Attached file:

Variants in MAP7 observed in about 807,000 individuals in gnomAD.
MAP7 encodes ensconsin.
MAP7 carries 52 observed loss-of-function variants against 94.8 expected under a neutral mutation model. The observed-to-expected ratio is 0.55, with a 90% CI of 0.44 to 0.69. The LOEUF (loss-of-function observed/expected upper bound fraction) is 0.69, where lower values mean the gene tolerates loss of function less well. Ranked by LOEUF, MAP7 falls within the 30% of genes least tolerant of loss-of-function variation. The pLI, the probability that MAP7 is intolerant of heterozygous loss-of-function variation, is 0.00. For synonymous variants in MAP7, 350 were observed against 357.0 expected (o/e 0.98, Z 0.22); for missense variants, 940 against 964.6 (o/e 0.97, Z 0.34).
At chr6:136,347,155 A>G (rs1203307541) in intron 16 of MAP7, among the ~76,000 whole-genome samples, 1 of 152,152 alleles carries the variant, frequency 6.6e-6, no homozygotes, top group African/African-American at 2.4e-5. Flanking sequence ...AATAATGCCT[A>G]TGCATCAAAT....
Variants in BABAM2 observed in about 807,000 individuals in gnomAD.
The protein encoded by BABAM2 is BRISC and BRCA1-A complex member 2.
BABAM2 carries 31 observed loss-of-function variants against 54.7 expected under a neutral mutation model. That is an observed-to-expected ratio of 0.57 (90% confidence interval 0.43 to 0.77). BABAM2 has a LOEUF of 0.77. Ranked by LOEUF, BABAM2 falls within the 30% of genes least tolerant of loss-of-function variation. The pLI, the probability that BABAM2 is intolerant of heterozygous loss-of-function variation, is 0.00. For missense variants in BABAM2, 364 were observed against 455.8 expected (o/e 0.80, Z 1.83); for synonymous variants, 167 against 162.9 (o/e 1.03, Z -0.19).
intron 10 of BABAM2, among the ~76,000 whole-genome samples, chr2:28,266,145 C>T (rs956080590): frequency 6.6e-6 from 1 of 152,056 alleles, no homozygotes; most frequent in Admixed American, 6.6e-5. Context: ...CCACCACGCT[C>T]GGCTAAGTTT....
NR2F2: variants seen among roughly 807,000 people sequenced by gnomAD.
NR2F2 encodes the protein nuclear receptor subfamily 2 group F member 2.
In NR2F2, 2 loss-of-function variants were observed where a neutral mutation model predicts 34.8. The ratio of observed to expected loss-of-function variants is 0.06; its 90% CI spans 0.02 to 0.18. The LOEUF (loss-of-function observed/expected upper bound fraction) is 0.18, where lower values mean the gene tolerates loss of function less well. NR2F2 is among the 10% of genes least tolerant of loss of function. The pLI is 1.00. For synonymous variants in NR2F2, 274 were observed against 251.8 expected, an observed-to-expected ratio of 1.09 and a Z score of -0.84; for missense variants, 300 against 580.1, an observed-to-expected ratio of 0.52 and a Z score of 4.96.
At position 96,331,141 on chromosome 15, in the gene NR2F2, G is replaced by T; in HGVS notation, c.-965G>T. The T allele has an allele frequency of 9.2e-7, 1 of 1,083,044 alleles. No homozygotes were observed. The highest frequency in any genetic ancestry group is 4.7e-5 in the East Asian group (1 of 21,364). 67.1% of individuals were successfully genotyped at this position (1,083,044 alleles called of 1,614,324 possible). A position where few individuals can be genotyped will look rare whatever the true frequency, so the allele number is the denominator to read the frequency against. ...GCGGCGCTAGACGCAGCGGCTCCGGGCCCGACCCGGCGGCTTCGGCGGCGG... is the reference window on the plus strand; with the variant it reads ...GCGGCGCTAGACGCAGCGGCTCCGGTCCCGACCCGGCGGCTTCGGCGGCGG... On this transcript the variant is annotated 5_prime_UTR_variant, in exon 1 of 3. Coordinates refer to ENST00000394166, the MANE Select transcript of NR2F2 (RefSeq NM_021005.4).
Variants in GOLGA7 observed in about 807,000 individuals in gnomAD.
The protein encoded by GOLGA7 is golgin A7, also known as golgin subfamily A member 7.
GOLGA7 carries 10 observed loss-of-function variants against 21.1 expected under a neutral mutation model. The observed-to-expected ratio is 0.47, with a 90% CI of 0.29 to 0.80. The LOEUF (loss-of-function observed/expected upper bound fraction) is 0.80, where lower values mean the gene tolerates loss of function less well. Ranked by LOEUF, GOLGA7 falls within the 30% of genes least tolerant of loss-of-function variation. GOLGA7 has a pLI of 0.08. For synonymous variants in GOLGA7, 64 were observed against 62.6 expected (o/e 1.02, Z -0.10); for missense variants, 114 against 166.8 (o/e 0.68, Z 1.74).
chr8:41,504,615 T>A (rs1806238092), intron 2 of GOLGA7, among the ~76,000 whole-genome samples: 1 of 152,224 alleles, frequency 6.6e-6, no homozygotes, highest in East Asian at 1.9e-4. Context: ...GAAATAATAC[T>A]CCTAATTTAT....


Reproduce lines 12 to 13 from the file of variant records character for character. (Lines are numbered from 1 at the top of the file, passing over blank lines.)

At position 96,331,141 on chromosome 15, in the gene NR2F2, G is replaced by T; in HGVS notation, c.-965G>T. The T allele has an allele frequency of 9.2e-7, 1 of 1,083,044 alleles. No homozygotes were observed. The highest frequency in any genetic ancestry group is 4.7e-5 in the East Asian group (1 of 21,364). 67.1% of individuals were successfully genotyped at this position (1,083,044 alleles called of 1,614,324 possible). A position where few individuals can be genotyped will look rare whatever the true frequency, so the allele number is the denominator to read the frequency against. ...GCGGCGCTAGACGCAGCGGCTCCGGGCCCGACCCGGCGGCTTCGGCGGCGG... is the reference window on the plus strand; with the variant it reads ...GCGGCGCTAGACGCAGCGGCTCCGGTCCCGACCCGGCGGCTTCGGCGGCGG... On this transcript the variant is annotated 5_prime_UTR_variant, in exon 1 of 3. Coordinates refer to ENST00000394166, the MANE Select transcript of NR2F2 (RefSeq NM_021005.4).
Variants in GOLGA7 observed in about 807,000 individuals in gnomAD.